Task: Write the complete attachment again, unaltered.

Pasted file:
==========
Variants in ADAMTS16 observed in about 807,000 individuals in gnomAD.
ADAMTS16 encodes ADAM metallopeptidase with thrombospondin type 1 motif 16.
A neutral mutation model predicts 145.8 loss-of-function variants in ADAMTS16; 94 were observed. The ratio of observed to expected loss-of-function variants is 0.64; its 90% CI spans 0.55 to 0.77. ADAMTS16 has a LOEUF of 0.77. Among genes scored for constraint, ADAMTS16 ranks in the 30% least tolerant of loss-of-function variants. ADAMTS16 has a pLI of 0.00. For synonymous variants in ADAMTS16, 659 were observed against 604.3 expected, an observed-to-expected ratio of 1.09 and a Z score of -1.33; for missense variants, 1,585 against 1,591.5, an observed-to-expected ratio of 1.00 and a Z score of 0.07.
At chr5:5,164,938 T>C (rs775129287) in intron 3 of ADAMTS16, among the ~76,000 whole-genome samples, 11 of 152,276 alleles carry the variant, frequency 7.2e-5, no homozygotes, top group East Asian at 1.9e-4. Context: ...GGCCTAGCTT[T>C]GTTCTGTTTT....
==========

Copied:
Variants in ADAMTS16 observed in about 807,000 individuals in gnomAD.
ADAMTS16 encodes ADAM metallopeptidase with thrombospondin type 1 motif 16.
A neutral mutation model predicts 145.8 loss-of-function variants in ADAMTS16; 94 were observed. The ratio of observed to expected loss-of-function variants is 0.64; its 90% CI spans 0.55 to 0.77. ADAMTS16 has a LOEUF of 0.77. Among genes scored for constraint, ADAMTS16 ranks in the 30% least tolerant of loss-of-function variants. ADAMTS16 has a pLI of 0.00. For synonymous variants in ADAMTS16, 659 were observed against 604.3 expected, an observed-to-expected ratio of 1.09 and a Z score of -1.33; for missense variants, 1,585 against 1,591.5, an observed-to-expected ratio of 1.00 and a Z score of 0.07.
At chr5:5,164,938 T>C (rs775129287) in intron 3 of ADAMTS16, among the ~76,000 whole-genome samples, 11 of 152,276 alleles carry the variant, frequency 7.2e-5, no homozygotes, top group East Asian at 1.9e-4. Context: ...GGCCTAGCTT[T>C]GTTCTGTTTT....